For Pompeo, 55, the rise to the top of Trump’s team is the culmination of a rocket ride from obscurity in only eight years. A backbench Republican congressman from Kansas, he made himself into a hero of conservatives and the bete noire of liberals with an aggressive performance on the committee investigating Hillary Clinton, the former secretary of state, over the 2012 attack on a diplomatic compound in Benghazi, Libya.
First as CIA director and then as secretary of state, Pompeo has shown a knack for connecting with Trump. Widely viewed as smart and strategic, if at times testy and even bombastic, Pompeo has made loyalty to the president his first “mission set,” a phrase he uses constantly from his time at West Point and in the Army.
And while he agreed with and facilitated the president’s desire to abandon the international nuclear agreement with Iran negotiated by President Barack Obama, he also kept private any skepticism he may have had over Trump’s diplomatic outreach to North Korea and Iran.
Even the recent collapse of the proposed peace agreement with the Taliban in Afghanistan may have served Pompeo’s complicated interests. He pleased Trump by delivering a deal as requested, and yet when the president canceled it over a suicide bomb attack, he was off the hook for whatever blowback the deal might have caused.
“Pompeo is a guy who on one hand wants to deliver for the president and is often also the guy who kind of has to placate the State Department, which often is dovish,” said James Jay Carafano, a national security scholar at the Heritage Foundation. “So there’s a lot of triangulation there.”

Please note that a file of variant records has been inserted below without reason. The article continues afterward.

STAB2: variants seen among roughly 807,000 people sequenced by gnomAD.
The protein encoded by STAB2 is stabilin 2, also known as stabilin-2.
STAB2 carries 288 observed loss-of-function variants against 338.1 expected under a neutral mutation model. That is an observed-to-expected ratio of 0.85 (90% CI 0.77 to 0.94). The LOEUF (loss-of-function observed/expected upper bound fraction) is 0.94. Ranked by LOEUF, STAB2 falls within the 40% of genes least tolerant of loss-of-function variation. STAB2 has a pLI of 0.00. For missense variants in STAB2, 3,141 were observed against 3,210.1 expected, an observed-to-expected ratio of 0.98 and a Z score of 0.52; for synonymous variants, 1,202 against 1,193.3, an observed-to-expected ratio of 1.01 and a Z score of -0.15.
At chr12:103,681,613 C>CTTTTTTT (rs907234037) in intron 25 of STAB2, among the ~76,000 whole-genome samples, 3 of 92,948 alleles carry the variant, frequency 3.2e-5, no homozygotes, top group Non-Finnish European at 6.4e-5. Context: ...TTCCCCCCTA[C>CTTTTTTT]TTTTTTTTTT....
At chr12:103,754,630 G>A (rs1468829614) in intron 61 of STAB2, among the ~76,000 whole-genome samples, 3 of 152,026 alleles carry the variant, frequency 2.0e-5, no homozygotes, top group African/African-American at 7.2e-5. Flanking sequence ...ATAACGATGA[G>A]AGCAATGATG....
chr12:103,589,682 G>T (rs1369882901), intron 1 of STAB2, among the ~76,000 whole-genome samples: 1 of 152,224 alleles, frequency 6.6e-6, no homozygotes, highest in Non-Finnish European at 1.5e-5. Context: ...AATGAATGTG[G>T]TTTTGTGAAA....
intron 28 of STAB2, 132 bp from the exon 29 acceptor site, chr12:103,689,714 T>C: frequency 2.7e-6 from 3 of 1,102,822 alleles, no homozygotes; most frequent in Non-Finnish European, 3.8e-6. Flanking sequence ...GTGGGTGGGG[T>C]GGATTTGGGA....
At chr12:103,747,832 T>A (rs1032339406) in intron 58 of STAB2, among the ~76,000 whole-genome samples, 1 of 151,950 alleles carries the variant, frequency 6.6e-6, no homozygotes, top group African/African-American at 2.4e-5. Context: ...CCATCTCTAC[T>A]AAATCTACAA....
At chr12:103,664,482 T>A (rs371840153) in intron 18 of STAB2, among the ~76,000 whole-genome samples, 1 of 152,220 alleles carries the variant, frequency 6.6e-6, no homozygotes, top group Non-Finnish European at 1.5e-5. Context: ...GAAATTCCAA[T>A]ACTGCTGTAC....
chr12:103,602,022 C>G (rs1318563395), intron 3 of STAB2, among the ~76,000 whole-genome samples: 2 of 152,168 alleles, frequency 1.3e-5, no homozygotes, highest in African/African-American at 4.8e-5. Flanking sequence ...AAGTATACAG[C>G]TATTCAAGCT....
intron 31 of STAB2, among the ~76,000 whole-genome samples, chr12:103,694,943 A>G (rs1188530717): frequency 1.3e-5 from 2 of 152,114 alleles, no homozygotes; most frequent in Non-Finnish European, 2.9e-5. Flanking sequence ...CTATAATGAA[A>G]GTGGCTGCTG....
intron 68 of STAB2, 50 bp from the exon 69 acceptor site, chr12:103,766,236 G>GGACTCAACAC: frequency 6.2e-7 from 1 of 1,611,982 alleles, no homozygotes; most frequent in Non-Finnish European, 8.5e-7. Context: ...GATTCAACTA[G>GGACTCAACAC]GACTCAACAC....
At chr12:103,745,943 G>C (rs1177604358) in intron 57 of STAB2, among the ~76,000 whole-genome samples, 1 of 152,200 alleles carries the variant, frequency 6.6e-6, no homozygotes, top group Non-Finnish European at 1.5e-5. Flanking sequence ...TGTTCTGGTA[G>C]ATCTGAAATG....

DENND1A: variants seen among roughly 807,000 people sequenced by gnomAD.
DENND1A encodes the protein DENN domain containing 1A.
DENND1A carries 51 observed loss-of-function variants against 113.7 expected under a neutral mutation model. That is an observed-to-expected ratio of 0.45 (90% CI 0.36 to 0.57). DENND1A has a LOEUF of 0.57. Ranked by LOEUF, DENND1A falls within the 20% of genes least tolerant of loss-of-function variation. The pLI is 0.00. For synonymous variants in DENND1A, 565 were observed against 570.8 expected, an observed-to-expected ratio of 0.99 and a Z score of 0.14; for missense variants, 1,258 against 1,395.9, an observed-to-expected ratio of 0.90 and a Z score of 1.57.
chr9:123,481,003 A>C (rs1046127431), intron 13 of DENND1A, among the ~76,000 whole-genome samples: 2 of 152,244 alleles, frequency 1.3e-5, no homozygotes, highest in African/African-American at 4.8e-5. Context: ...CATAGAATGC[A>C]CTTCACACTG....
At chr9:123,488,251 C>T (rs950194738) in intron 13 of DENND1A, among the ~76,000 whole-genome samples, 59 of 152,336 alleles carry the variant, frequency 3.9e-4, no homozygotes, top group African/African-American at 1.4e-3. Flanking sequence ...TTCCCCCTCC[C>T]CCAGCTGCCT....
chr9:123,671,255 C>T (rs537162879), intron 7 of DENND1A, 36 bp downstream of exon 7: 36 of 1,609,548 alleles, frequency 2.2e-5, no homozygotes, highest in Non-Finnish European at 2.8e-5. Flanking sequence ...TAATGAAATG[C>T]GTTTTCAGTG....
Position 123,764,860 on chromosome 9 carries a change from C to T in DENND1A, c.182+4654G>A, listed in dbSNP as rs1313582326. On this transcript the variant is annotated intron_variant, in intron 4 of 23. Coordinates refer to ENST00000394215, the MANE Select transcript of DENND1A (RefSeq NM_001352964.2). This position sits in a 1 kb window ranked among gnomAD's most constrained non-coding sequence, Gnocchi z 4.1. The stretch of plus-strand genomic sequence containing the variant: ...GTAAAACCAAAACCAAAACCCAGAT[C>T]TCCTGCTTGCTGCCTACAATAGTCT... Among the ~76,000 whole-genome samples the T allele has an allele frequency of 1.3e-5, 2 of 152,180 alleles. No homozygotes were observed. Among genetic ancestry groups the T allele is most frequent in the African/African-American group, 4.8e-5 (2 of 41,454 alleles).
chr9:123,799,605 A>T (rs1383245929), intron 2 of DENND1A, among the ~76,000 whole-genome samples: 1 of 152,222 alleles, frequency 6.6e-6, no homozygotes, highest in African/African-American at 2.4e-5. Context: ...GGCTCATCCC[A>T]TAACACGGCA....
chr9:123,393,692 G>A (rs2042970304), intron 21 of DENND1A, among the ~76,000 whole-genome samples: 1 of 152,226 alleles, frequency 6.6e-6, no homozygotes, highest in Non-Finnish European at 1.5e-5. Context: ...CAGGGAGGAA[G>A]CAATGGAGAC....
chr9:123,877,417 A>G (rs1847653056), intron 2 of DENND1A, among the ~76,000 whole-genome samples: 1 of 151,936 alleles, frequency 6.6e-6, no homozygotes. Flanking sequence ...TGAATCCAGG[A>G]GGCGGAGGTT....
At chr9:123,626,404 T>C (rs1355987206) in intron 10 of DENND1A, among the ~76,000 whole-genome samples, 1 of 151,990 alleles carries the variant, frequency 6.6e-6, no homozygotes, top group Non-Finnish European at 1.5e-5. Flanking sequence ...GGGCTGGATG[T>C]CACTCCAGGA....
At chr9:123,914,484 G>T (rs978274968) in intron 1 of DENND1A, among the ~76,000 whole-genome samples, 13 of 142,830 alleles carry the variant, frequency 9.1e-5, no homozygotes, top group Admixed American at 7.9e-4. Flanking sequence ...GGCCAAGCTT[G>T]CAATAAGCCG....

The prospect of being the most powerful national security figure since Kissinger would hold obvious appeal for Pompeo. As President Richard Nixon’s national security adviser, Kissinger played an outsize role and effectively overshadowed Secretary of State William P. Rogers, so that when Rogers stepped down, it made sense to formalize his expanded role.
When Nixon resigned, President Gerald Ford kept Kissinger in both jobs, but ultimately the dual role came to be problematic and, in a broader reshuffling of his team, the president stripped Kissinger of his national security adviser title and left him at the State Department. Trump told reporters on Thursday that he discussed a similar arrangement with Pompeo.
“I actually spoke to Mike Pompeo about that,” the president said. “I get along with him so well. We have a lot of the same views — a couple different views. But he likes the idea of having someone in there with him and I do too.” He added that he was considering 15 other candidates.
Putting Pompeo in dual roles like Kissinger would have been fraught with risks — some for Pompeo, and many for the national security establishment, which, in more normal times has come to view the National Security Council as a somewhat neutral arbiter among competing departments and agencies, from the Pentagon to the State Department to the intelligence agencies.